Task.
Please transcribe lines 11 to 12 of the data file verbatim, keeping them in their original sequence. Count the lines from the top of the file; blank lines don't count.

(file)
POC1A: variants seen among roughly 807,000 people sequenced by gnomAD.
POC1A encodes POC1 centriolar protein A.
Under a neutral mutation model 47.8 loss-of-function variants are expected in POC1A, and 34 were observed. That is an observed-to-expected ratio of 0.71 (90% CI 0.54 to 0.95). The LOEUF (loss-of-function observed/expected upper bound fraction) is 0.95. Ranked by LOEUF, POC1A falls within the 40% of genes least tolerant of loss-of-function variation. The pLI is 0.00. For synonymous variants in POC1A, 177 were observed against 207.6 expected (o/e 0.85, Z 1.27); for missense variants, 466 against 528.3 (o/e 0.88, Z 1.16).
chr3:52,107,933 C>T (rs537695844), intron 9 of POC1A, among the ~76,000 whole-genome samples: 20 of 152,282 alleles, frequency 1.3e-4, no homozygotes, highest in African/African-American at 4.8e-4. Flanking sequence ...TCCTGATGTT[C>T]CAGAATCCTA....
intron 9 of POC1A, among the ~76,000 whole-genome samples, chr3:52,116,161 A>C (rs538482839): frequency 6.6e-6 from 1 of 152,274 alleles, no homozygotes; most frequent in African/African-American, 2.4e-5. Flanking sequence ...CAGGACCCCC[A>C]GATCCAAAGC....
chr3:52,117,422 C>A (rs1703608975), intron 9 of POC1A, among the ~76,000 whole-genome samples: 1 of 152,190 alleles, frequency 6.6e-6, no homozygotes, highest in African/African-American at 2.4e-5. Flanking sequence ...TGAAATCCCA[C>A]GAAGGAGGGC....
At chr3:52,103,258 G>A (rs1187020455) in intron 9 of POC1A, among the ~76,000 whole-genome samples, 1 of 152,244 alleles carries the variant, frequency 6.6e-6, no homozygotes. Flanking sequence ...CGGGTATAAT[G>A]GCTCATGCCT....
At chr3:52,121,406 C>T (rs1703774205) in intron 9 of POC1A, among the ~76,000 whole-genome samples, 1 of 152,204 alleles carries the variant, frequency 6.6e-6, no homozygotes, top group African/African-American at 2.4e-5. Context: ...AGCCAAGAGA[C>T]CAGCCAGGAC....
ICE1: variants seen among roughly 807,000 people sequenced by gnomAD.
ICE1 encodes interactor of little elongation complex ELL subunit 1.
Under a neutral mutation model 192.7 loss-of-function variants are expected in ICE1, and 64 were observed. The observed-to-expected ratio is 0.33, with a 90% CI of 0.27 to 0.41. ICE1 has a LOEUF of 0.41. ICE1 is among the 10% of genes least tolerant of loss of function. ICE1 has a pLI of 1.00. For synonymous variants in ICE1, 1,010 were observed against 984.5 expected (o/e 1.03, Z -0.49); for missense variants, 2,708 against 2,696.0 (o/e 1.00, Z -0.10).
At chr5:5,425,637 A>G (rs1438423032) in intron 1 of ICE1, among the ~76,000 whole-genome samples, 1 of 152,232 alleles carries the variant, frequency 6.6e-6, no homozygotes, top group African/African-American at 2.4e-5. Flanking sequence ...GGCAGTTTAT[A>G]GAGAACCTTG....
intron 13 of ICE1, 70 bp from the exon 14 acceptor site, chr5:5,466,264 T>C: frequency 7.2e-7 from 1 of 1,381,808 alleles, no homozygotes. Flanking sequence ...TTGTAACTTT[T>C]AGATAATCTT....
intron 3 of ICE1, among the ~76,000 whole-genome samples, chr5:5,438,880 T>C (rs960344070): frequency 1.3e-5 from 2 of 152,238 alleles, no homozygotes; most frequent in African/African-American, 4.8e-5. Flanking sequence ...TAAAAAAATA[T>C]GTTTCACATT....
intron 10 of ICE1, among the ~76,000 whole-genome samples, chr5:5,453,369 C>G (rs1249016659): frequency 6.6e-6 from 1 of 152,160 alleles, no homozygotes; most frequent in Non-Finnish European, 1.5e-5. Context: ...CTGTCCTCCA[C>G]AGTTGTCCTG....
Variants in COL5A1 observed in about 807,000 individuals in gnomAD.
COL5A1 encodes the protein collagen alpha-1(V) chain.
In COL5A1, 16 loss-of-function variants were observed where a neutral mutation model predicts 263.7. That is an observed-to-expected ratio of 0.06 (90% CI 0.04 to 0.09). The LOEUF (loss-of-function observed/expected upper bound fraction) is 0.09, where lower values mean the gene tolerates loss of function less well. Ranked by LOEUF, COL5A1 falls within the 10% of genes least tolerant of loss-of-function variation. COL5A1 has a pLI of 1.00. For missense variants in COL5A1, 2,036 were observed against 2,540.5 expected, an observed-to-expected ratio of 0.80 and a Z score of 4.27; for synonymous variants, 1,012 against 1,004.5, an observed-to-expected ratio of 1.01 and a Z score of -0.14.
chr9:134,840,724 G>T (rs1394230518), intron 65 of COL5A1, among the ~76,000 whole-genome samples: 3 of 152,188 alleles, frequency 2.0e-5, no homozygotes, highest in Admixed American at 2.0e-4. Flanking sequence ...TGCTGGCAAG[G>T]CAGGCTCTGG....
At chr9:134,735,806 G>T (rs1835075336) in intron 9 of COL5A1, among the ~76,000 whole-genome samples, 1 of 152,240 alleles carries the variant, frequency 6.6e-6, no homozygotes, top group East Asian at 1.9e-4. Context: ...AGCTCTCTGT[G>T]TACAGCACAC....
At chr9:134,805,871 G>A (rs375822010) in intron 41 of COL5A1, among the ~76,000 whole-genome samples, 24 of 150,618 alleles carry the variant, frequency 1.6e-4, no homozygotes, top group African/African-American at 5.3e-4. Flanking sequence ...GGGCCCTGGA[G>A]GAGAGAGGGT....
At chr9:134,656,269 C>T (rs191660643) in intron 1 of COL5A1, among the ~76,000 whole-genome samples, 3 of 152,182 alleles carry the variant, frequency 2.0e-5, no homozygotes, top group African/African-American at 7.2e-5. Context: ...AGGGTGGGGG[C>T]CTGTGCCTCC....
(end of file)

Under a neutral mutation model 192.7 loss-of-function variants are expected in ICE1, and 64 were observed. The observed-to-expected ratio is 0.33, with a 90% CI of 0.27 to 0.41. ICE1 has a LOEUF of 0.41. ICE1 is among the 10% of genes least tolerant of loss of function. ICE1 has a pLI of 1.00. For synonymous variants in ICE1, 1,010 were observed against 984.5 expected (o/e 1.03, Z -0.49); for missense variants, 2,708 against 2,696.0 (o/e 1.00, Z -0.10).
At chr5:5,425,637 A>G (rs1438423032) in intron 1 of ICE1, among the ~76,000 whole-genome samples, 1 of 152,232 alleles carries the variant, frequency 6.6e-6, no homozygotes, top group African/African-American at 2.4e-5. Flanking sequence ...GGCAGTTTAT[A>G]GAGAACCTTG....